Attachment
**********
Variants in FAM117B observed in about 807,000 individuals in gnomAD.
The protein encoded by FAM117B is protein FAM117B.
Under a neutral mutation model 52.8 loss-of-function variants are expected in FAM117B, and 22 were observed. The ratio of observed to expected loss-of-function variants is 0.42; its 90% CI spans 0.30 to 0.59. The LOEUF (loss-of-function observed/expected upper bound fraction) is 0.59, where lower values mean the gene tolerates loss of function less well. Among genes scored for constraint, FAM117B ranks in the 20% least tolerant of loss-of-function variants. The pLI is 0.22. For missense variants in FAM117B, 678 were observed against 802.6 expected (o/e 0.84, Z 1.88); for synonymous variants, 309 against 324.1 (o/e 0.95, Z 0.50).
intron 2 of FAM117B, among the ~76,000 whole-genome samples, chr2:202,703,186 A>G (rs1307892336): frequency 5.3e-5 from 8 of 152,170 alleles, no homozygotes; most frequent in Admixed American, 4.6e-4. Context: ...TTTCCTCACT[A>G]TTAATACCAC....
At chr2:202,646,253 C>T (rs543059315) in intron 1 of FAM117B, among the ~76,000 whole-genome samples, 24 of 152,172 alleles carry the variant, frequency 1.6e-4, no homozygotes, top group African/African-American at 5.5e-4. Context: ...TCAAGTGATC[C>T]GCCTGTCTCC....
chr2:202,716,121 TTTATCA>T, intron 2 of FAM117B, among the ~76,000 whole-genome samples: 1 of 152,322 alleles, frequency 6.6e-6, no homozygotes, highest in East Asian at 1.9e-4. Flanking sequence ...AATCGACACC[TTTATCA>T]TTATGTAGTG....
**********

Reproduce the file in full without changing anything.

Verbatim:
Variants in FAM117B observed in about 807,000 individuals in gnomAD.
The protein encoded by FAM117B is protein FAM117B.
Under a neutral mutation model 52.8 loss-of-function variants are expected in FAM117B, and 22 were observed. The ratio of observed to expected loss-of-function variants is 0.42; its 90% CI spans 0.30 to 0.59. The LOEUF (loss-of-function observed/expected upper bound fraction) is 0.59, where lower values mean the gene tolerates loss of function less well. Among genes scored for constraint, FAM117B ranks in the 20% least tolerant of loss-of-function variants. The pLI is 0.22. For missense variants in FAM117B, 678 were observed against 802.6 expected (o/e 0.84, Z 1.88); for synonymous variants, 309 against 324.1 (o/e 0.95, Z 0.50).
intron 2 of FAM117B, among the ~76,000 whole-genome samples, chr2:202,703,186 A>G (rs1307892336): frequency 5.3e-5 from 8 of 152,170 alleles, no homozygotes; most frequent in Admixed American, 4.6e-4. Context: ...TTTCCTCACT[A>G]TTAATACCAC....
At chr2:202,646,253 C>T (rs543059315) in intron 1 of FAM117B, among the ~76,000 whole-genome samples, 24 of 152,172 alleles carry the variant, frequency 1.6e-4, no homozygotes, top group African/African-American at 5.5e-4. Context: ...TCAAGTGATC[C>T]GCCTGTCTCC....
chr2:202,716,121 TTTATCA>T, intron 2 of FAM117B, among the ~76,000 whole-genome samples: 1 of 152,322 alleles, frequency 6.6e-6, no homozygotes, highest in East Asian at 1.9e-4. Flanking sequence ...AATCGACACC[TTTATCA>T]TTATGTAGTG....